Samoan Material Culture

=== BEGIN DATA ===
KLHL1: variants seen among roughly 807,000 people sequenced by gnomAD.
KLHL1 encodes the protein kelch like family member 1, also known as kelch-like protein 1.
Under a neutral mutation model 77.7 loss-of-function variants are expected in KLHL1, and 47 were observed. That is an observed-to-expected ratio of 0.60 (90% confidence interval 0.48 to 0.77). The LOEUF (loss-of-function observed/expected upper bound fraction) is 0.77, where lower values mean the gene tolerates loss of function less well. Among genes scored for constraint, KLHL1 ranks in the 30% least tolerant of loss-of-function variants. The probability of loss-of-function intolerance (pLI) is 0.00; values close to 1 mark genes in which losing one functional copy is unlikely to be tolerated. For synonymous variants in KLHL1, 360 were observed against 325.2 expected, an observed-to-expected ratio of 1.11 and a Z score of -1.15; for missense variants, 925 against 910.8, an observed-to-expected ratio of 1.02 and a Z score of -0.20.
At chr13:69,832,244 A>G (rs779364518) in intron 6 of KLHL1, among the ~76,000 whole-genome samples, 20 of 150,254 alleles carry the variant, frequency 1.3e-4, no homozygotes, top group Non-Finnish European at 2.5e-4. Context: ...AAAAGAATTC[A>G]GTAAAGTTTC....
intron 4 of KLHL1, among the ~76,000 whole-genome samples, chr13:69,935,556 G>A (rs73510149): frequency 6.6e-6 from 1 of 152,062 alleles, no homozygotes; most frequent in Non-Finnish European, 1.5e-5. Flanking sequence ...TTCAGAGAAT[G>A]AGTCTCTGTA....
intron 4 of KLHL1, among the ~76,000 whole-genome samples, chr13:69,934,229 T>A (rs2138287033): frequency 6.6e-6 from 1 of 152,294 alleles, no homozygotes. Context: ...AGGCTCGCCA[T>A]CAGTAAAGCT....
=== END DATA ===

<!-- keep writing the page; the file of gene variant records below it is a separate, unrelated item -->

Fishing methods employing narcotizing, spearing, sweeps of coconut leaves, walled traps, and nets made with netting needles and mesh gages are similar in principle in both areas. In Samoa, the purse net with two wings set like a V-shaped weir is common. Trolling for bonito with an unbaited hook with a pearl shell shank attached by a line to a bamboo rod is similar in principle in the two areas but there are variations in the shape of the hook point, the hook lashing and the method of setting the rod. Albacore fishing with a double canoe and a crane which is a marked feature of the Society Islands is not known in Samoa. Fishing with a baited hook from a fast sailing canoe for dolphin is similar in Samoa and Tahiti. In Samoa, the dolphin is known as masimasi and in Tahiti as mahimahi. Apart from the masimasi hook and the poor specimens described, Samoa is devoid of baited hooks. The shark hook was unknown and the method of noosing prevailed in its stead. Deep line fishing was absent and there is no authentic evidence to show that the deep sea Ruvettus was ever caught on a long line with a baited hook. The Samoans were thus surface fishermen. In the east, varieties of baited hooks occur and the shark hook is common. Linton (19, p. 402) records the shark noose in the Marquesas. The method used in Aitutaki, Cook Islands, of diving down and tying a clove hitch round the tail of sharks sleeping with their heads in crevices of the rocks cannot be regarded as a similar noose method. The catching of the Ruvettus has been shown by Nordhoff (22, p. 40) to have been originally confined to certain islands of the eastern area. Tahiti thus resembles Samoa in not having had a knowledge of Ruvettus fishing. Samoa is rich in varieties of fish traps but detailed technique from the various parts of the eastern area is lacking.